Developmental editor who has worked for twenty plus years with new and established authors of both fiction and non-fiction, traditional and indie.

 

Just like the software industry where a new, unreleased program – the beta version – is given to a group to test, writers ask a person familiar with their genre to read their manuscript. In both instances it’s a great way to work out kinks before publication.

A Beta Reader is not a critique partner. Those are the individuals who review your manuscript from a writer’s perspective. The Beta Reader provides a review from a reader’s perspective; their response more likely reflects how your intended audience will react to your story. That’s a critical perspective and gives the writer useful much useful fodder for improvement. Think of them as quality control.

Don’t confuse the Beta Reader with an editor. A professional editor, depending on the level of edit you use, will look closely at your manuscript for style issues, plot holes, inconsistencies etc. The Beta Reader simply tells you if the book was readable, or enjoyable or boring. Don’t expect them to tell you why or how it struck them that way, but value a reader’s opinion and use it when you reevaluate and revise.

You can find Beta Readers among friends or family members whose honesty you can trust. It’s good to reach outside your own circle, to a book club member for instance. The best place is to look to the writer’s community. Goodreads Beta Readers Group is great. My Writer’s Circle is an active writer’s platform also. Seek Beta Readers on Google and ye shall find.

Most writers work with more than one Beta Reader. Be careful to keep that within reason — info overload can paralyze your brain. And remember, this is a service you look to have donated; reciprocate by acting as a Beta Reader yourself. Every writer needs one or two.

H. O. Charles | A Slice of Orange

H.O. Charles

Cover designer and author of the fantasy series, The Fireblade Array


A beta reader will read the early, pre-publication versions of your books and identify any errors, plot holes, or editing problems. They could be pretty much anyone with an interest in reading. There are good betas and not-so-good betas. I picked several from amongst my fans – the ones who were desperate to read the next book, but I made sure I stuck with those who were the pickiest! The more errors they found, the more they questioned me, the more likely I was to choose them to be betas for the next book. They are very useful people!

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Dear Extra Squeeze Team, How Do You Plan a Book Launch?

February 14, 2020 by in category Featured Author of the Month, The Extra Squeeze by The Extra Squeeze Team tagged as , , , , , ,

Each Friday in February we’ll be featuring The Extra Squeeze Team.

Ever wonder what industry professionals think about the issues that can really impact our careers? Each month The Extra Squeeze features a fresh topic related to books and publishing.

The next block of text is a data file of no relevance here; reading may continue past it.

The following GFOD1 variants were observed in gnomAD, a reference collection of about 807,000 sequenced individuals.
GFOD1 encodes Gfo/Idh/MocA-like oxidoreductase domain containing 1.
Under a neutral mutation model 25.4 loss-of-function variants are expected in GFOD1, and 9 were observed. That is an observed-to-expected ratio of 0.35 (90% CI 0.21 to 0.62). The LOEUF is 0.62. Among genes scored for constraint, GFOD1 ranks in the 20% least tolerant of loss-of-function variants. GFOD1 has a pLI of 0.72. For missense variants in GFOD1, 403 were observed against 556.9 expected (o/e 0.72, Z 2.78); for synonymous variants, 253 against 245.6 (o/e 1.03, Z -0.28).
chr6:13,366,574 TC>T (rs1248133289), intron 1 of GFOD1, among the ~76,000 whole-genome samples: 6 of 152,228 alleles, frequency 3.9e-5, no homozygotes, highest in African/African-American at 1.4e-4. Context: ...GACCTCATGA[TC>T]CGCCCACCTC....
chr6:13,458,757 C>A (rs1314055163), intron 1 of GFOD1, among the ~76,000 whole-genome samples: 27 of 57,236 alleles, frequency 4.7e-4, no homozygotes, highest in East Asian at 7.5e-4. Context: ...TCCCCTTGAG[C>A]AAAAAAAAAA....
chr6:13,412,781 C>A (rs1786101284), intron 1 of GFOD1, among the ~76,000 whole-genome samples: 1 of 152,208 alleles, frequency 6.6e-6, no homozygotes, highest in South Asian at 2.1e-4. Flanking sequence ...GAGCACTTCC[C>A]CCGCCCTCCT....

Amazon mover and shaker Rebecca Forster and her handpicked team of book professionals offer frank responses from the POV of each of their specialties — Writing, Editing, PR/Biz Development, and Cover Design.

Have you a question for The Extra Squeeze Team? Send them to us by using this handy link.

Dear Extra Squeeze, How Do You Plan a Book Launch?

Rebecca Forster | Extra Squeeze

Rebecca Forster 

USA Today Bestselling author of 35 books, including the Witness series and the new Finn O’Brien series.

When I published my first book over thirty years ago I assumed the publisher would have all sorts of glittery, fantastic promotions planned that would shoot me to literary stardom.

Not!

In those days – just like these days – the author is responsible for launching their book and establishing their brand. The good news is that now the opportunity for promotion is controllable. I maintain a new release plan that has proven manageable and effective over the course of more than thirty books.

1) Write a good book: professional, exciting, as error free as possible and packaged beautifully. All the promotion in the world will not support an inferior product.

2) Set up your pre-orders and then create excitement with a sneak peek of a few chapters on your website (don’t forget buy links at the end of these chapters).

3) Alert interested parties starting with distribution channels. Smashwords, for instance, has an alert for author’s running BookBub ads. Once they know your ad date, they will pass the information along to their bookstores, those bookstores will consider your book for further promotion. BookBub Partners has an automated per-order alert for your followers. Amazon has the same. Read the distributor’s newsletters and find out what free opportunities are there for the taking.

4) When your manuscript is ready, start submitting it for reviews (I love PRG and InD’Tale).

5) Continue to nurture and grow your social media followers and plan affordable advertising geared toward look-alike audiences. Try sites like LitRing (have loved the 4 promos I’ve done with them). Many advertising sites won’t take pre-order advertising but purchase spots for immediately after your launch while your book is new. I am not a fan of blog tours. I have only paid to do one but I couldn’t quantify the results so for me this isn’t part of my strategy.